Payday loans can put your mortgage at risk

Nia Williams

October 30, 2013

This is according to John Charcol which said that, although payday loan lenders have now been warned by FCA chief executive Martin Wheatley that tougher regulation is coming on 1 April 2014, a lack of any warning about the impact on the future potential to obtain a mortgage is a glaring omission.

John Charcol’s Simon Collins said: “You can’t turn on your TV these days without being offered a short-term loan.

“On the face of it at least, payday loans are pretty straightforward (despite the astronomical APRs), with a staggering number of people taking them, but beware the law of unintended consequences; there is a danger that lurks within. Mortgage lenders hate payday loans.

“As far as most mortgage lenders are concerned, if you’ve taken a payday loan then this is irrefutable proof that you are living beyond your means. End of discussion.”

A recent payday loan is a massive negative in the eyes of mortgage underwriters but one that no one warns borrowers about.

The regulator is looking to introduce mandatory affordability checks, a restriction on continuous payment authorities and limiting the number of loan roll-overs to two. It also wants tighter restrictions on what payday lenders can say in adverts and will ban any that are misleading.

Although a payday loan does not categorically mean borrowers won’t be able to get a mortgage, Collins said it makes it very difficult: “Let’s be clear. A recent payday loan on your credit history doesn’t mean that you can’t get a mortgage but it almost certainly rules out most of the major high street lenders. And elsewhere, if a mortgage offer can be agreed, the rate is unlikely to be particularly competitive.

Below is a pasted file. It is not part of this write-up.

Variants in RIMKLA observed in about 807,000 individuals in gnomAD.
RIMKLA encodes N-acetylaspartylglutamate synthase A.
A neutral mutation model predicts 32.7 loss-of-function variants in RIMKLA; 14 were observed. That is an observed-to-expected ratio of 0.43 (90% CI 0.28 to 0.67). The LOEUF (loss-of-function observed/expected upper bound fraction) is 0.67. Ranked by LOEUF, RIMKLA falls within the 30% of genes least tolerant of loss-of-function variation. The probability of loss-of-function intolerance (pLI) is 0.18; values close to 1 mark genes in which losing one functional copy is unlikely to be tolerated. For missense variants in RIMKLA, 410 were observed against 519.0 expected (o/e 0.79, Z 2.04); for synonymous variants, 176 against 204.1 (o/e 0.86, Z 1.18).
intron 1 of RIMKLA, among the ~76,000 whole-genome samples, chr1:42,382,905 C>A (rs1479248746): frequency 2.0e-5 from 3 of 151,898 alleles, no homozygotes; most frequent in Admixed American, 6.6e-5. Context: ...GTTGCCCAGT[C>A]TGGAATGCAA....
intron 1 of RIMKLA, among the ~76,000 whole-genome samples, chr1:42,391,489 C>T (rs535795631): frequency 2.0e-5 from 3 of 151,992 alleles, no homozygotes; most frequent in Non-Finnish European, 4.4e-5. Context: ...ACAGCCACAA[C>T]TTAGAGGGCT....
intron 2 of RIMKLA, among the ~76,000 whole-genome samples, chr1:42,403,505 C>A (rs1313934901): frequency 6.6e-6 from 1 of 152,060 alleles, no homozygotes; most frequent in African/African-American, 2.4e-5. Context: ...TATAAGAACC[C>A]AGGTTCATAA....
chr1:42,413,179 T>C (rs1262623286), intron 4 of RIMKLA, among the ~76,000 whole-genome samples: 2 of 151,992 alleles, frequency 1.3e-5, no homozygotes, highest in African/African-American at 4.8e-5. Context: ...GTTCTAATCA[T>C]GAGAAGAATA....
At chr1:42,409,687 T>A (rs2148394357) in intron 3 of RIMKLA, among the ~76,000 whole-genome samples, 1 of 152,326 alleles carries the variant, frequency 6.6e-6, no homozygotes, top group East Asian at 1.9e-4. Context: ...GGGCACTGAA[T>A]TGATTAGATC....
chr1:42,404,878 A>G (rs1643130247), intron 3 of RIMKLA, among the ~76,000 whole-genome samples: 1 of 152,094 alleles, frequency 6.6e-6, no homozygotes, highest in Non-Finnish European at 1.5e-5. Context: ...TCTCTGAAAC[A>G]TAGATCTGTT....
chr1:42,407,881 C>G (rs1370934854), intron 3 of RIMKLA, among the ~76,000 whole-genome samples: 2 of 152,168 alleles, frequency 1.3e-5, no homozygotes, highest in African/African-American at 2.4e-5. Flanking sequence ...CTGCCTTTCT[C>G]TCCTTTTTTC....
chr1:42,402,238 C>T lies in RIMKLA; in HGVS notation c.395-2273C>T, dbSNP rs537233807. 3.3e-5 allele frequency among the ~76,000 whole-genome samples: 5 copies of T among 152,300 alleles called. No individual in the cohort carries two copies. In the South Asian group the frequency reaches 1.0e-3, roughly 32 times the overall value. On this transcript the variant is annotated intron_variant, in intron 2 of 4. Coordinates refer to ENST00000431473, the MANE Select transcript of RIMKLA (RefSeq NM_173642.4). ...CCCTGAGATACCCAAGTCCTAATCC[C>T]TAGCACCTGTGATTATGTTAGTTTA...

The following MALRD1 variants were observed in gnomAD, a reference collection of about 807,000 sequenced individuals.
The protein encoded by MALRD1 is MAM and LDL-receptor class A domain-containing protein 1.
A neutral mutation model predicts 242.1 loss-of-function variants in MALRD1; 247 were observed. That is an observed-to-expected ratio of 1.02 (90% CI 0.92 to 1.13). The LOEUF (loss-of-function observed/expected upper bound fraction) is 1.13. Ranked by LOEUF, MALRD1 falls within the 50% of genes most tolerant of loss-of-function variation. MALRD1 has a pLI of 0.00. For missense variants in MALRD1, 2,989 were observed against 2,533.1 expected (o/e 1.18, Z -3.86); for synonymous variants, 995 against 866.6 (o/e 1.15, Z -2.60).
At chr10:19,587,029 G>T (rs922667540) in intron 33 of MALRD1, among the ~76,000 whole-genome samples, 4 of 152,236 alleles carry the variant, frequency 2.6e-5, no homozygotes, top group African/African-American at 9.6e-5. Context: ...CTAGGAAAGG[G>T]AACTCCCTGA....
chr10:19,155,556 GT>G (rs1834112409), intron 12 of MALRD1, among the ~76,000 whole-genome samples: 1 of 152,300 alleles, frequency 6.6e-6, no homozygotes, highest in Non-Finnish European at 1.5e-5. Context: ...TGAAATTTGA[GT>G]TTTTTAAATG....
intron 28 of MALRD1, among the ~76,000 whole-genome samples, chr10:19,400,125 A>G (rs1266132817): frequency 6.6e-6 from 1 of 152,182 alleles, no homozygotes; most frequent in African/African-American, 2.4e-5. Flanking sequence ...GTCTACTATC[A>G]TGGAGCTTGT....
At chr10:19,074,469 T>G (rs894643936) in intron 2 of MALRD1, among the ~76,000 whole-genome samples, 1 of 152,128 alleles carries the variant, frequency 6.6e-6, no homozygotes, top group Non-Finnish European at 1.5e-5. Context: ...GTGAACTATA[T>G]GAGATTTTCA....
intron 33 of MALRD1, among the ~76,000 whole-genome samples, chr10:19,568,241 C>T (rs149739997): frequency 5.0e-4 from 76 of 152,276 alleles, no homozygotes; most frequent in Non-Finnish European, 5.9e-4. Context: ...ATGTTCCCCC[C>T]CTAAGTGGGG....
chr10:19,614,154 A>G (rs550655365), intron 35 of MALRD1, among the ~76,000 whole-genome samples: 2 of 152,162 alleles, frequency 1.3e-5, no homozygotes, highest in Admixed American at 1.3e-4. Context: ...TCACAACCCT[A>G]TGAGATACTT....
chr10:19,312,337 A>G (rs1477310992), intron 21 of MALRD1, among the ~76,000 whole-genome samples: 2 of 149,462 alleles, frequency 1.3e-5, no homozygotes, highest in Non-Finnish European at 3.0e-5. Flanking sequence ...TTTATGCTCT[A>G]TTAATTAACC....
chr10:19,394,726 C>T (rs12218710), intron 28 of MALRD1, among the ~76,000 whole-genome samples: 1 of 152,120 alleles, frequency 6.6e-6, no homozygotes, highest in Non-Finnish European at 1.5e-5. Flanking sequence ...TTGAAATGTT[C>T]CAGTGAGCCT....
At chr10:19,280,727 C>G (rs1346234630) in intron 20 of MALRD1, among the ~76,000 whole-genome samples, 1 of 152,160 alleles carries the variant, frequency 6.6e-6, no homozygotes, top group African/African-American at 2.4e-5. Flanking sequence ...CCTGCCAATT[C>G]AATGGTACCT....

“The whole payday loan situation is a perfect example of the lack of financial education in the UK. There’s plenty of regulation, along with abundance of wordy small print, but no one to really explain the actual consequences of how things like payday loans can affect you, and your financial position.

“Even the new chairperson of the Financial Services Consumer Panel thinks they’re perfectly ok in certain circumstances, and that using one to pay for a night out is exactly the same as putting the cost on a credit card! So it’s buyer beware, because no one else will tell you.”

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